Deepfake pornography; know what it is

Britain’s Kate Isaacs, 30, discovered in 2020 that a video was circulating on social media in which she appeared having sex with someone else. Terrified by those explicit scenes, the young woman tried to remember when that situation could have happened. After reviewing the video, she realized that the face was hers, but her body was not. Then she found out that she had been a victim of deepfake pornography. The information is from the Metro UK portal.

Basically, deepfake technology, a kind of Artificial Intelligence (AI), takes a person’s face and merges it with other images to create a different reality.

This technology is used to manufacture fake news, financial fraud and even pornography and child pornography content.

In the case of pornography, developers take an image of adult content and put someone else’s face on it. A study by Queen Mary University of London found that 96% of these deepfakes are from women.

“Research conducted in 2018 by fraud detection firm Sensity AI predicted that the number would double every six months. Fast forward four years and that prophecy has come true and then some. There are over 57 million hits for ‘deepfake porn’ on Google alone. Search interest has increased by 31% in the past year and shows no signs of slowing down,” said journalist Jennifer Savin, who has covered this topic for four years.

In addition to the anonymous, some celebrities have already been victims of this. In 2017, deepfakes by actress Zendaya, singer Billie Eilish and actress Scarlett Johansson were shared on the online forum Reddit.

To do this, you don’t need a lot of knowledge and sophisticated software. Available apps like FaceMagic can be used to create deepfake.

“You don’t need a whole folder from different angles, just upload a photo and you can make a deepfake porn video in seconds. They may not seem the most realistic, but it’s still enough to feel shame and humiliation. That’s what’s really scary, this technology is technically in the hands of everyone who has a smartphone, FaceMagic is in the Apple Store for ages 12 and up, so if you can access it if you’re in seventh grade at school,” said documentary filmmaker Jess .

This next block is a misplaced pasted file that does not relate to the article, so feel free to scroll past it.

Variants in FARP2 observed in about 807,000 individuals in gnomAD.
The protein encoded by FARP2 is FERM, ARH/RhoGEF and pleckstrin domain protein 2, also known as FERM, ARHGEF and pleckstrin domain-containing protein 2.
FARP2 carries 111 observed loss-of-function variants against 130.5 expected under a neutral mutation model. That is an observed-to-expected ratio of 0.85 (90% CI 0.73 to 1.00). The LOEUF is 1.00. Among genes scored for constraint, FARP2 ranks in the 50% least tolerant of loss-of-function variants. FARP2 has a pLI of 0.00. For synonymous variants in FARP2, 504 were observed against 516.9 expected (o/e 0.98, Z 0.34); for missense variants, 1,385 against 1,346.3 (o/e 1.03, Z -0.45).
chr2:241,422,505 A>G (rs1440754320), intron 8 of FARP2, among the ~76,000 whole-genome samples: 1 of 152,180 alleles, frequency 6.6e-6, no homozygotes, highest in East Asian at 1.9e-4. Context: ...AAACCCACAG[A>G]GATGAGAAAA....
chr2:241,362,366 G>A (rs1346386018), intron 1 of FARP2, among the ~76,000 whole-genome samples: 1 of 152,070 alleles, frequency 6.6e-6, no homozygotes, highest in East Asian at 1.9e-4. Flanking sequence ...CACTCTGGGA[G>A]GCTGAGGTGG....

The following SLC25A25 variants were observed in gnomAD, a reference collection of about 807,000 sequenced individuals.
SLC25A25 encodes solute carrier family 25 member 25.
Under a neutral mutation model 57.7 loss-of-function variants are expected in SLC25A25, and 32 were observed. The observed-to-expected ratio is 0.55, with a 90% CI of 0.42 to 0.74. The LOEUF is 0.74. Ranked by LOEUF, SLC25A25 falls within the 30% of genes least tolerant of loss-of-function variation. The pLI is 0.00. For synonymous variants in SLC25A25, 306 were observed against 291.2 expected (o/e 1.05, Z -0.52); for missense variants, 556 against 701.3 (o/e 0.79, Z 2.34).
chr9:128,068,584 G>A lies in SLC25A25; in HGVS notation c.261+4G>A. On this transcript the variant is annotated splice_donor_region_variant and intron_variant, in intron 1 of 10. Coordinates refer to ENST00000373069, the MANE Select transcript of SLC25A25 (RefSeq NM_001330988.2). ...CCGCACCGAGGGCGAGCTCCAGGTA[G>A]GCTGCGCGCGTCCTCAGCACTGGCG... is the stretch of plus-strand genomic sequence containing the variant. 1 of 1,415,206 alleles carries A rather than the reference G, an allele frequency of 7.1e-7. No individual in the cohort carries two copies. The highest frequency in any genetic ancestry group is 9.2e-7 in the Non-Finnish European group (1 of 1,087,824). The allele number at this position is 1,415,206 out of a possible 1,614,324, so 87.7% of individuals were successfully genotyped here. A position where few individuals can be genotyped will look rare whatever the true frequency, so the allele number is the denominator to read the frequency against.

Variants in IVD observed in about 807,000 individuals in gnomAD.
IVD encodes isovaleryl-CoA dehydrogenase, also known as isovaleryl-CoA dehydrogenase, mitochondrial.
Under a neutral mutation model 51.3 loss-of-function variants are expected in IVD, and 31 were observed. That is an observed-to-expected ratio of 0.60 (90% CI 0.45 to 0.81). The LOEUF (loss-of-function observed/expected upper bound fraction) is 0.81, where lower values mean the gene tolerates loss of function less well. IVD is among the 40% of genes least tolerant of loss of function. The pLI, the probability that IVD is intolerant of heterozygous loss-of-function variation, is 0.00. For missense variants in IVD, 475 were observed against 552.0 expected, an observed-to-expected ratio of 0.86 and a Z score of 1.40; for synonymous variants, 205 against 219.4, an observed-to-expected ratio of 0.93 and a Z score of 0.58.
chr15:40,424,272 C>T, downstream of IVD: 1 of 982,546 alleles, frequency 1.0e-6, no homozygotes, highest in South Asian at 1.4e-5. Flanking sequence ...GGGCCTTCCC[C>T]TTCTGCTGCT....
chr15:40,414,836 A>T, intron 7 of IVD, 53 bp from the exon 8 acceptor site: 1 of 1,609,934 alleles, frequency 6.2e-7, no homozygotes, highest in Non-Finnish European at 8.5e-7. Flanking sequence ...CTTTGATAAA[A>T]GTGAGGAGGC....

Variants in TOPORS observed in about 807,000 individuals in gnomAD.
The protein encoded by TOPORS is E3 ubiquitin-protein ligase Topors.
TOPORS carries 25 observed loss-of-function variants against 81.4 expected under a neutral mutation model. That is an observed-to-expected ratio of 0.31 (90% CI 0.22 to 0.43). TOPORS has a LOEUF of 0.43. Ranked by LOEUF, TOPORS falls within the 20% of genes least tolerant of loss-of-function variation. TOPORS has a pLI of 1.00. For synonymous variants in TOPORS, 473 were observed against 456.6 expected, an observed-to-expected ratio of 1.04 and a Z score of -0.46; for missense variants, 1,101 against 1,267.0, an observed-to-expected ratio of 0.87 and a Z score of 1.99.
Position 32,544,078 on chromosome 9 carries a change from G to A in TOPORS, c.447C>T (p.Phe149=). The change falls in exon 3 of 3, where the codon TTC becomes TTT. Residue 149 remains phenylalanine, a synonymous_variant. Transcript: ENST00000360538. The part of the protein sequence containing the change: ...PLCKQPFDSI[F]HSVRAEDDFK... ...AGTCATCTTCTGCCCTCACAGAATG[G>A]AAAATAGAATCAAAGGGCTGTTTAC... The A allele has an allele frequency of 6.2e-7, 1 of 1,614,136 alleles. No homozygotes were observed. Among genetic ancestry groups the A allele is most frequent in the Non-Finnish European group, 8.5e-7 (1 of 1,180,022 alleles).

Unfortunately, there is still no specific regulation for deepfake. “If we want to move forward and protect people from this type of crime, we need to look at the system of legislation, because the systems that we have for the technology are just not right for that purpose. It can’t take five years to review and then act, because it will be out of date,” Kate said.

“From an activist perspective and as someone who has gone through this as a victim, we need to regulate these industries. The fact is that there are apps available that are legal and the fact that porn sites can post, view and share their content without your consent is a big problem. The thing is, we Brits are so prudish that we don’t want to have this conversation in Parliament, but burying our heads in the sand is obviously not working. We need to reform the kind of attitude we have towards these types of websites and sexual violence and sexual content online.”

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